US companies would have to obtain the express permission of the Department of Commerce before providing any programme of training in Internet surveillance and censorship techniques in a repressive country.
* A list of countries that repress freedom of expression would be drawn up on the basis of documents provided by the US State Department and would be appended to the code of conduct or law that is adopted. This list would be regularly updated.
Note: The purpose of these recommendations is to protect freedom of expression. They in no way aim to restrict the necessary cooperation between governments in their efforts to combat terrorism, paedophilia and cyber-crime.
Sign the petition
More information about this initiative
Tuesday, 10 January 2006
Monday, 9 January 2006
1. Because it's the world's largest democracy.Read Charles Wheelan, the "Naked Economist" columnist at Yahoo, on Why What's Good for India Is Good for Us.
2. Because it's where a large proportion of the world's poor live.
3. Because a richer India will make for a richer America.
4. Because it's not China.
meant to link to this ages ago, when we saw it in Lawrence Lessig's post on the Creative Commons blog. Here's Lessig:
ccPublisher is a desktop application that makes it easy for people to put their creative work — marked with a CC license — on the Internet. Once you install the application, you can simply drag a file to ccPublisher. It will launch a procedure to first ask you to specify a CC license to apply to the content and then upload it to a server.And from the ccPublisher page:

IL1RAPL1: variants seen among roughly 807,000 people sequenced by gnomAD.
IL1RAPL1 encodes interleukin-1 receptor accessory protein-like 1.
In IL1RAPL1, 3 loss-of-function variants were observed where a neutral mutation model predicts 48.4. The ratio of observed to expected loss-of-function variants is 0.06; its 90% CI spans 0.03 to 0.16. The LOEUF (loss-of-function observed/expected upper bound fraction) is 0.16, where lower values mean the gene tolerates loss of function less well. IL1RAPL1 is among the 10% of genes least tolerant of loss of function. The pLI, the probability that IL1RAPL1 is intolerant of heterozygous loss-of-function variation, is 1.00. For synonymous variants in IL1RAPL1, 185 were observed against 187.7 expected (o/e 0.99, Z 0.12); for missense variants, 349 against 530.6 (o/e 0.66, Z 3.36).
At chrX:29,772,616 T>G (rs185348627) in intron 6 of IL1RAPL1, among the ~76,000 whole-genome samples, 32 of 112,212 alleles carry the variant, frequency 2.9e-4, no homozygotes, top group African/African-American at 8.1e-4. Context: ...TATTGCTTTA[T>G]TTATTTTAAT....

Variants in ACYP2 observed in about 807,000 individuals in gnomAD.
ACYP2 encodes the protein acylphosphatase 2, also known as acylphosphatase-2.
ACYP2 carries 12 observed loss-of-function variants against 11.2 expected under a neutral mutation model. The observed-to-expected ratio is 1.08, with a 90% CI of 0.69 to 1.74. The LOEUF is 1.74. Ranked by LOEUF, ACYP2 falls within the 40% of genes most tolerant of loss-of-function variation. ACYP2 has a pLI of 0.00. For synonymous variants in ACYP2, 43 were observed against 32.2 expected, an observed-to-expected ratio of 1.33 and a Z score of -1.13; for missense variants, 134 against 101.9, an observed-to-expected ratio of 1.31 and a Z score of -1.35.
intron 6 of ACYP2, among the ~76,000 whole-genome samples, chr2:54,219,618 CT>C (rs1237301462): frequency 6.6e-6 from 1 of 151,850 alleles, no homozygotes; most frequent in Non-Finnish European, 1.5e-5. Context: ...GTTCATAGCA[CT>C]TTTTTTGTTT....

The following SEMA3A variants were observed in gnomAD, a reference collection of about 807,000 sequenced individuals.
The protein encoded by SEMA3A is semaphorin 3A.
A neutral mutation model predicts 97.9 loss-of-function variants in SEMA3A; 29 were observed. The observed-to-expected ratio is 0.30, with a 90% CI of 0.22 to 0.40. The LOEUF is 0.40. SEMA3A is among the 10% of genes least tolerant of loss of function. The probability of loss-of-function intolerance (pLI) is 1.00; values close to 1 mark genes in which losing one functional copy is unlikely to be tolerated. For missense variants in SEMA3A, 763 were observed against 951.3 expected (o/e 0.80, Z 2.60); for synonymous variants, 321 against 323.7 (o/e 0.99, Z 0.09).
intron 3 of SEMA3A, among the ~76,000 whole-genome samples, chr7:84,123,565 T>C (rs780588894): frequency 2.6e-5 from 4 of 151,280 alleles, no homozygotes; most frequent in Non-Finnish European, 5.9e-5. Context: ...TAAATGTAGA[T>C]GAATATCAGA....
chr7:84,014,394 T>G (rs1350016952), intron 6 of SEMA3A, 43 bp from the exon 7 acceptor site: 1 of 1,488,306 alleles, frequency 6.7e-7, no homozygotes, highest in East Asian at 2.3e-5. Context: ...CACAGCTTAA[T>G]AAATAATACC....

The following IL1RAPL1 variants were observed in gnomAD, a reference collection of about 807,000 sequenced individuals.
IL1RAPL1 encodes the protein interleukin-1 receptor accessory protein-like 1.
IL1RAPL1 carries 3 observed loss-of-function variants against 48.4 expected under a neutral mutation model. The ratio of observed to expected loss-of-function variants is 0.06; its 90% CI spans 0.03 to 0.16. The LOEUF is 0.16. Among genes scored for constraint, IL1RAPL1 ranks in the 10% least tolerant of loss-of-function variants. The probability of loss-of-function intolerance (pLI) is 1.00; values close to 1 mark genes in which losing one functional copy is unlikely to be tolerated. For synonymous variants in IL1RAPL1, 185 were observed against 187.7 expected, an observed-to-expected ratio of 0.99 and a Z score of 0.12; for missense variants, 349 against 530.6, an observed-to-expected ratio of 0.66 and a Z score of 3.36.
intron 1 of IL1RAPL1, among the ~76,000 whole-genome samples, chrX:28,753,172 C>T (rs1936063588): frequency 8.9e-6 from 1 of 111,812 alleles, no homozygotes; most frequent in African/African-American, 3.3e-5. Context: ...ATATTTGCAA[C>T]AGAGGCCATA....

The server currently specified is the Internet Archive. Internet hero Brewster Kahle has committed to giving anyone who licenses content under a CC license free storage and free bandwidth, forever. So through the Archive you're given a permanent home for your content as well as a URL that you can give to others. In three simple steps, your work — however large, however difficult to carry — is available to everyone, forever.
CC Publisher is a tool that does two things: it will help you tag your audio and video files with information about your license and it allows you to upload Creative Commons-licensed audio and video works to the Internet Archive for free hosting. You also have the option of publishing the licensed and tagged audio works on your own site.Good stuff for those among ye who create much heavier content than us word warriors, who can make do with our blogs.
Downloads are available for Windows XP/2000 and Mac OS X. Here's the ccPublisher link again.
I am writing to ask for your help in getting a truly deserving candidate voted to Maharashtra's legislative council.
Prabhakar Narkar is a friend of mine. He is a well-respected journalist of 18 years experience. He was with Maharashtra Times, the state's most influential newspaper for 16 years. Narkar has written several exposes on corruption in co-operatives, banks, dairies and his stories have resulted in the arrest of over 40 people, including some influential ministers and MLAs. He has also written alot about Mumbai's labour issues, land scams, social issues.
Recently, Narkar decided to quit journalism because he felt he should be doing something concrete rather than just criticising the system. He feels that the reason our system is so corrupt is because people feel politics is too dirty to get involved in. So the space lies vacant and is filled by people we criticise.
Narkar now plans to stand for election to the legislative council of Maharashtra from the graduate constituency of Mumbai. Only graduates can vote for this seat. And they have to register to vote before-hand.
I'm writing to request you to please register to vote. All we need is:
1. a form to be filled (which you can collect from me)
2. a xerox copy of your graduate certificate (from anywhere)
3. a xerox copy of your proof of residence in Mumbai. (passport, driving licence, ration card, recent electric bill etc)